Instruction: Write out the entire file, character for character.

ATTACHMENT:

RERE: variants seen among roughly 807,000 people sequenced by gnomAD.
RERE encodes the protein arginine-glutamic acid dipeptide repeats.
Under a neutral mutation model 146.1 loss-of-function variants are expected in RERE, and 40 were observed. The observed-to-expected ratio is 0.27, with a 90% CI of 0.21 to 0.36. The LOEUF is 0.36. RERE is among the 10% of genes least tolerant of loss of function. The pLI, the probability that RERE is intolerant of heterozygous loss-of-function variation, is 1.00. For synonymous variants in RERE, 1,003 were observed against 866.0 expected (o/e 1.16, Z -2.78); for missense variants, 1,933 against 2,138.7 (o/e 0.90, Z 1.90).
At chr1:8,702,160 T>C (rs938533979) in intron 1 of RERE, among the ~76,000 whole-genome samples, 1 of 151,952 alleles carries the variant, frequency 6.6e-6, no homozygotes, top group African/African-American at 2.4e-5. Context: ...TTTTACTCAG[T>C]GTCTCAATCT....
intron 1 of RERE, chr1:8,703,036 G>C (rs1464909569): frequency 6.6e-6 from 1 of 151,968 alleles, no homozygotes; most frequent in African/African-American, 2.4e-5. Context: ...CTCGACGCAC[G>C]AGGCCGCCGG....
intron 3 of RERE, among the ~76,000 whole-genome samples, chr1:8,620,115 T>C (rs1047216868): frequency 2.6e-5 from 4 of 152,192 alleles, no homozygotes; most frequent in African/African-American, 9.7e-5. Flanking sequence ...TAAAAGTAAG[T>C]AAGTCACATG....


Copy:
RERE: variants seen among roughly 807,000 people sequenced by gnomAD.
RERE encodes the protein arginine-glutamic acid dipeptide repeats.
Under a neutral mutation model 146.1 loss-of-function variants are expected in RERE, and 40 were observed. The observed-to-expected ratio is 0.27, with a 90% CI of 0.21 to 0.36. The LOEUF is 0.36. RERE is among the 10% of genes least tolerant of loss of function. The pLI, the probability that RERE is intolerant of heterozygous loss-of-function variation, is 1.00. For synonymous variants in RERE, 1,003 were observed against 866.0 expected (o/e 1.16, Z -2.78); for missense variants, 1,933 against 2,138.7 (o/e 0.90, Z 1.90).
At chr1:8,702,160 T>C (rs938533979) in intron 1 of RERE, among the ~76,000 whole-genome samples, 1 of 151,952 alleles carries the variant, frequency 6.6e-6, no homozygotes, top group African/African-American at 2.4e-5. Context: ...TTTTACTCAG[T>C]GTCTCAATCT....
intron 1 of RERE, chr1:8,703,036 G>C (rs1464909569): frequency 6.6e-6 from 1 of 151,968 alleles, no homozygotes; most frequent in African/African-American, 2.4e-5. Context: ...CTCGACGCAC[G>C]AGGCCGCCGG....
intron 3 of RERE, among the ~76,000 whole-genome samples, chr1:8,620,115 T>C (rs1047216868): frequency 2.6e-5 from 4 of 152,192 alleles, no homozygotes; most frequent in African/African-American, 9.7e-5. Flanking sequence ...TAAAAGTAAG[T>C]AAGTCACATG....